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If a prime contractor pays a subcontractor late or less than agreed upon, the contracting officer can take them to task, and even reduce their CPARS ratings.

In the last few posts I’ve been digging down into the details of the SBA’s final rule from July 16, 2013, issued to implement provisions from the Small Business Jobs Act of 2010. First, we discussed the rule that prime contractors must give small business subcontractors every possible opportunity to fulfill the work on their projects.

Then, we looked at the problem where prime contractors say in a bid that they’ll set aside project revenue to a small and/or specially-certified business, but then neglect to award that work in the same scope, amount and quality that was used to submit the quote or bid.

The next problem that subcontractors deal with on a regular basis is with the payment process. We’ve talked before about some of the financing challenges for government contractors. Now as a sub, your customer is the prime, not the government, and so that’s who pays you. If the prime hasn’t addressed their own financing challenges, or is trying to avoid their own financing charges, that might result in late or even reduced payments.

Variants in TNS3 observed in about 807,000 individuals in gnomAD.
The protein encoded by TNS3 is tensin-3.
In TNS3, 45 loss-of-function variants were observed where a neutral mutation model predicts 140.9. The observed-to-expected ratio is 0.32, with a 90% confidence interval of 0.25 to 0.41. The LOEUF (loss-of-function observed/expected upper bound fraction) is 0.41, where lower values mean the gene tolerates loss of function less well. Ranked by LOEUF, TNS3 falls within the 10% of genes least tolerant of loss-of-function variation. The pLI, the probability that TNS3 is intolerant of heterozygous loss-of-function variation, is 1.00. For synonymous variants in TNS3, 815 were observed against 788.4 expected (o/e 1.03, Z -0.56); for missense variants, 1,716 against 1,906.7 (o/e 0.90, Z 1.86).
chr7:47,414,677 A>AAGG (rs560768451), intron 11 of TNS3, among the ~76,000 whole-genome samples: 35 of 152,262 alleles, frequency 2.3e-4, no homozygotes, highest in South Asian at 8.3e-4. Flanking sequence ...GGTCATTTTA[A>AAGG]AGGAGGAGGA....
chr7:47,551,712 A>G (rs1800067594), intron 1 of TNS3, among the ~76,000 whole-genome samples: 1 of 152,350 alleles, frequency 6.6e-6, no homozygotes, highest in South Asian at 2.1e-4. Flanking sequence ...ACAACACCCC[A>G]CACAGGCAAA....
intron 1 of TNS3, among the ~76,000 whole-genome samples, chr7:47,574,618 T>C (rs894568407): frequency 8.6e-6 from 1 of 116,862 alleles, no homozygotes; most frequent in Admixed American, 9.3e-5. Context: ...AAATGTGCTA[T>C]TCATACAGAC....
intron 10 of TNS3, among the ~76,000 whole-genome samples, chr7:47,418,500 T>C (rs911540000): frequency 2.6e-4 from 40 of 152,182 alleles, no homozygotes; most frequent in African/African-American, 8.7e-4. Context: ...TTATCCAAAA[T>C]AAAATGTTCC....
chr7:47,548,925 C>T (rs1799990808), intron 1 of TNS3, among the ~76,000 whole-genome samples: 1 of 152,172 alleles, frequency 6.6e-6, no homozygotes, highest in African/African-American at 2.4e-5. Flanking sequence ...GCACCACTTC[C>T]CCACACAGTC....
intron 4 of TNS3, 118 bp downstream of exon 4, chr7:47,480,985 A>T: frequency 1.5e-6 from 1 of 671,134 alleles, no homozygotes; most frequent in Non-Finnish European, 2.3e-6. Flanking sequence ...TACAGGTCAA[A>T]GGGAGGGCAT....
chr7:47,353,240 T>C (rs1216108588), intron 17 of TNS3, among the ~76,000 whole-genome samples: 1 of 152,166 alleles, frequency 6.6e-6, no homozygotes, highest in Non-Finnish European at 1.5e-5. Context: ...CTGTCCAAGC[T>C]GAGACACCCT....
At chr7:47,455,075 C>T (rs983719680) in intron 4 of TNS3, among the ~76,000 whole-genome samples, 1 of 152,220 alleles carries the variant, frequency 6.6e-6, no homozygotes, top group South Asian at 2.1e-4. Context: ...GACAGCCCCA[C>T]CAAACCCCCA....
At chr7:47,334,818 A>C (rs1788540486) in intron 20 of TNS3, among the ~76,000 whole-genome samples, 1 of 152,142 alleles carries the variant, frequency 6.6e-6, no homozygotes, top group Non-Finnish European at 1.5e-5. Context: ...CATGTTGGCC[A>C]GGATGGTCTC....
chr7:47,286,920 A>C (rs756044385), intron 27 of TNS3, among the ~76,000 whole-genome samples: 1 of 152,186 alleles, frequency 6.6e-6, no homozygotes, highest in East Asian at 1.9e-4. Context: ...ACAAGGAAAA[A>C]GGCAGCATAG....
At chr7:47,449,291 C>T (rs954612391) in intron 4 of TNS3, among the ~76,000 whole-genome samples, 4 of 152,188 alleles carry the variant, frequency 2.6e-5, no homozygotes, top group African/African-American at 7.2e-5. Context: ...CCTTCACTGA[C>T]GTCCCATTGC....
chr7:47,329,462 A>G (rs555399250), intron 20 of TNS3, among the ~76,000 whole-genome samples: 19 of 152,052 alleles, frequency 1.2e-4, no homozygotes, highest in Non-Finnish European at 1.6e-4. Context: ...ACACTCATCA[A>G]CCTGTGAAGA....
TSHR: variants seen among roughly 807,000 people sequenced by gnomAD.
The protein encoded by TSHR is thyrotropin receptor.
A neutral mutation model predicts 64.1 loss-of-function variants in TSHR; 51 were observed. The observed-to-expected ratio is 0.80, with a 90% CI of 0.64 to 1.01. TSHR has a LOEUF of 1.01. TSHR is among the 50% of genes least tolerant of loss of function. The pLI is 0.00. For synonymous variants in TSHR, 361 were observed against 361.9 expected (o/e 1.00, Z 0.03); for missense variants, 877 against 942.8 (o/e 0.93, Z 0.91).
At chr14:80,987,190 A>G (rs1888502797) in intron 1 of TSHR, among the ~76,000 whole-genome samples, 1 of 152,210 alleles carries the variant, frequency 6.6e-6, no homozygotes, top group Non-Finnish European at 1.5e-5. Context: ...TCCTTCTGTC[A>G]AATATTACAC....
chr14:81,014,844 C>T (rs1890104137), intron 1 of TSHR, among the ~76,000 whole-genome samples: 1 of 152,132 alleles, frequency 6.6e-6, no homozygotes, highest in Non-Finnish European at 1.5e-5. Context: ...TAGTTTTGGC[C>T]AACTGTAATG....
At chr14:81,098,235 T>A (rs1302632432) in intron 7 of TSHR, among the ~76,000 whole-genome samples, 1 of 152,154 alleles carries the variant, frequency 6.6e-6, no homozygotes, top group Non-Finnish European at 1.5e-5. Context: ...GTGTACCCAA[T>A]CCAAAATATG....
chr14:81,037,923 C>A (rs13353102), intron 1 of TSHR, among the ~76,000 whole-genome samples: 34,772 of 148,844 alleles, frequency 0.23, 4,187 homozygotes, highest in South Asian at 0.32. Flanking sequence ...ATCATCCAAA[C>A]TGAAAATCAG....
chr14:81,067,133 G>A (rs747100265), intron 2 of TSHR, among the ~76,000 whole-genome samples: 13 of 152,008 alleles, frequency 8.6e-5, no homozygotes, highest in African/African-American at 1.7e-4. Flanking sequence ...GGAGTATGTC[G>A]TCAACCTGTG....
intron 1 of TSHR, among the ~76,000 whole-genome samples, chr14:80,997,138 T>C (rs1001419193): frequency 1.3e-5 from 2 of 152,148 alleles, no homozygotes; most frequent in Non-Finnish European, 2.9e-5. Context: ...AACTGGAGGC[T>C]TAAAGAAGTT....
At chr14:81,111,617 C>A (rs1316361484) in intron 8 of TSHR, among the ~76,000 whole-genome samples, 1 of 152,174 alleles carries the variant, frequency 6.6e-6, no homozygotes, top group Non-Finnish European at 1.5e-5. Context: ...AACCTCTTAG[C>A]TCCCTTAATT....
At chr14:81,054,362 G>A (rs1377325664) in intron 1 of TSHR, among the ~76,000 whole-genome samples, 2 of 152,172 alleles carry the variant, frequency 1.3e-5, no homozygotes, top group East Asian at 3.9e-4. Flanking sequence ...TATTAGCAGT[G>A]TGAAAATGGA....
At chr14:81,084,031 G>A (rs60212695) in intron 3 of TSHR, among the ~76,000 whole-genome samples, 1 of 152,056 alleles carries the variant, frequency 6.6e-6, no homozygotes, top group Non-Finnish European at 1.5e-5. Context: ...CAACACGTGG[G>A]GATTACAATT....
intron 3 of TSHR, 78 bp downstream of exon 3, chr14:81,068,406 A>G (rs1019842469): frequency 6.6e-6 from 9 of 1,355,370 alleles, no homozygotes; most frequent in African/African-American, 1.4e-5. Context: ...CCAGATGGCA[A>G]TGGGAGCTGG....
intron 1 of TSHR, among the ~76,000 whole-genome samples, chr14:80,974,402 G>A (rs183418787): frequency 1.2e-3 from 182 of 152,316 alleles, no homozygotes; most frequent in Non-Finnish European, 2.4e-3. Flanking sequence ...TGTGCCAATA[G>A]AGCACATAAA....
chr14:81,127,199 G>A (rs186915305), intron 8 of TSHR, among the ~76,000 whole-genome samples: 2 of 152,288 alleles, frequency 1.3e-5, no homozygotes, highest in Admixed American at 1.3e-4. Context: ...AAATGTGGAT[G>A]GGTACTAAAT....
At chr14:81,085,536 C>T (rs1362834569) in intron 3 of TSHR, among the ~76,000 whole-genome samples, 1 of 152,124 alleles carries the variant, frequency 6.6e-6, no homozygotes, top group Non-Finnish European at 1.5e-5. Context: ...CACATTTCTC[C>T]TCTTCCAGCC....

Section 125.3(c)(5) of the proposed rule deals with Section 1334 of the Jobs Act, and requires that a prime contractor notify the contracting officer in writing whenever a payment to a subcontractor is reduced or is 90 days or past due, when the Federal agency has paid the contractor, including the reason.

Similar to the other rules we’ve discussed, the SBA final rule now gives the small business the right to address the contracting officer directly and raise an objection when prime contractors pay slowly or reduced amounts. And the CO can report those late payments, which means the prime contractor will be deemed to be out of compliance in the Contractor Performance Assessment Reporting System (CPARS). The contracting officer can really take the prime to task properly on this issue.

We’re still faced with the reality that none of this will have any effect if the contracting officer doesn’t take action. But if they do use their newfound right to talk to the prime about late or reduced payments, or reduce their CPARS ratings, then this rule will begin to have a real and strenuous effect.

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